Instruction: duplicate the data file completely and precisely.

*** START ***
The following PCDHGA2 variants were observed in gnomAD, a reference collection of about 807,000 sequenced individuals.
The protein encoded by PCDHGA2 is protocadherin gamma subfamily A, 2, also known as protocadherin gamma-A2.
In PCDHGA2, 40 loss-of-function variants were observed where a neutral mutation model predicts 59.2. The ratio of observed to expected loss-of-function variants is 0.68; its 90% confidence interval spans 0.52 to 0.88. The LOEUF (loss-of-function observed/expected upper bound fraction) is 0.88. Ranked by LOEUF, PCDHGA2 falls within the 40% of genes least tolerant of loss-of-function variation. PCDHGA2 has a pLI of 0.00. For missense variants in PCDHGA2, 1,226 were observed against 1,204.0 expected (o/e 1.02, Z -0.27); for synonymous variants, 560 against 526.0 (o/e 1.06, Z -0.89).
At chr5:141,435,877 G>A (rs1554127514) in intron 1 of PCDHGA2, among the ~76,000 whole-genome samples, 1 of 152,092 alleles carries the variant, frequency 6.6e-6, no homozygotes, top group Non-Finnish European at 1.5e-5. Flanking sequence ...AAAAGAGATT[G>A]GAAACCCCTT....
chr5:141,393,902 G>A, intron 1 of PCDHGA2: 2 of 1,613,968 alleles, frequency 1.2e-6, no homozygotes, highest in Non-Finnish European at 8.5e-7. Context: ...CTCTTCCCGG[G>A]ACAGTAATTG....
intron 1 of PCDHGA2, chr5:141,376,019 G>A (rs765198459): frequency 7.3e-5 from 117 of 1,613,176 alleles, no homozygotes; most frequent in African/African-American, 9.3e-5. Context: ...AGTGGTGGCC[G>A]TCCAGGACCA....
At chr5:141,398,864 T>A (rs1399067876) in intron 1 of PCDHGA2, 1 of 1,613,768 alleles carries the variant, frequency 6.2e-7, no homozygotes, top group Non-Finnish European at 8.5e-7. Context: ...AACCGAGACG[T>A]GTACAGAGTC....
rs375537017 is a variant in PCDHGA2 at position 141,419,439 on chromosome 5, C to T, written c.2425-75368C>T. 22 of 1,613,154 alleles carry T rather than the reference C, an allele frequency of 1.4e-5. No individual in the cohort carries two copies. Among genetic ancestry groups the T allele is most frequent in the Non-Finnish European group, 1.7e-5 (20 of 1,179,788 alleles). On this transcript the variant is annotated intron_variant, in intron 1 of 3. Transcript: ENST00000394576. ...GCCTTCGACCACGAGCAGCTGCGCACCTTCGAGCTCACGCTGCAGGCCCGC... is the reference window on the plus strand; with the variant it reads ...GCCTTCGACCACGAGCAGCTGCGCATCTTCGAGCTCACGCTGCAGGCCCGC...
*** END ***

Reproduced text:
The following PCDHGA2 variants were observed in gnomAD, a reference collection of about 807,000 sequenced individuals.
The protein encoded by PCDHGA2 is protocadherin gamma subfamily A, 2, also known as protocadherin gamma-A2.
In PCDHGA2, 40 loss-of-function variants were observed where a neutral mutation model predicts 59.2. The ratio of observed to expected loss-of-function variants is 0.68; its 90% confidence interval spans 0.52 to 0.88. The LOEUF (loss-of-function observed/expected upper bound fraction) is 0.88. Ranked by LOEUF, PCDHGA2 falls within the 40% of genes least tolerant of loss-of-function variation. PCDHGA2 has a pLI of 0.00. For missense variants in PCDHGA2, 1,226 were observed against 1,204.0 expected (o/e 1.02, Z -0.27); for synonymous variants, 560 against 526.0 (o/e 1.06, Z -0.89).
At chr5:141,435,877 G>A (rs1554127514) in intron 1 of PCDHGA2, among the ~76,000 whole-genome samples, 1 of 152,092 alleles carries the variant, frequency 6.6e-6, no homozygotes, top group Non-Finnish European at 1.5e-5. Flanking sequence ...AAAAGAGATT[G>A]GAAACCCCTT....
chr5:141,393,902 G>A, intron 1 of PCDHGA2: 2 of 1,613,968 alleles, frequency 1.2e-6, no homozygotes, highest in Non-Finnish European at 8.5e-7. Context: ...CTCTTCCCGG[G>A]ACAGTAATTG....
intron 1 of PCDHGA2, chr5:141,376,019 G>A (rs765198459): frequency 7.3e-5 from 117 of 1,613,176 alleles, no homozygotes; most frequent in African/African-American, 9.3e-5. Context: ...AGTGGTGGCC[G>A]TCCAGGACCA....
At chr5:141,398,864 T>A (rs1399067876) in intron 1 of PCDHGA2, 1 of 1,613,768 alleles carries the variant, frequency 6.2e-7, no homozygotes, top group Non-Finnish European at 8.5e-7. Context: ...AACCGAGACG[T>A]GTACAGAGTC....
rs375537017 is a variant in PCDHGA2 at position 141,419,439 on chromosome 5, C to T, written c.2425-75368C>T. 22 of 1,613,154 alleles carry T rather than the reference C, an allele frequency of 1.4e-5. No individual in the cohort carries two copies. Among genetic ancestry groups the T allele is most frequent in the Non-Finnish European group, 1.7e-5 (20 of 1,179,788 alleles). On this transcript the variant is annotated intron_variant, in intron 1 of 3. Transcript: ENST00000394576. ...GCCTTCGACCACGAGCAGCTGCGCACCTTCGAGCTCACGCTGCAGGCCCGC... is the reference window on the plus strand; with the variant it reads ...GCCTTCGACCACGAGCAGCTGCGCATCTTCGAGCTCACGCTGCAGGCCCGC...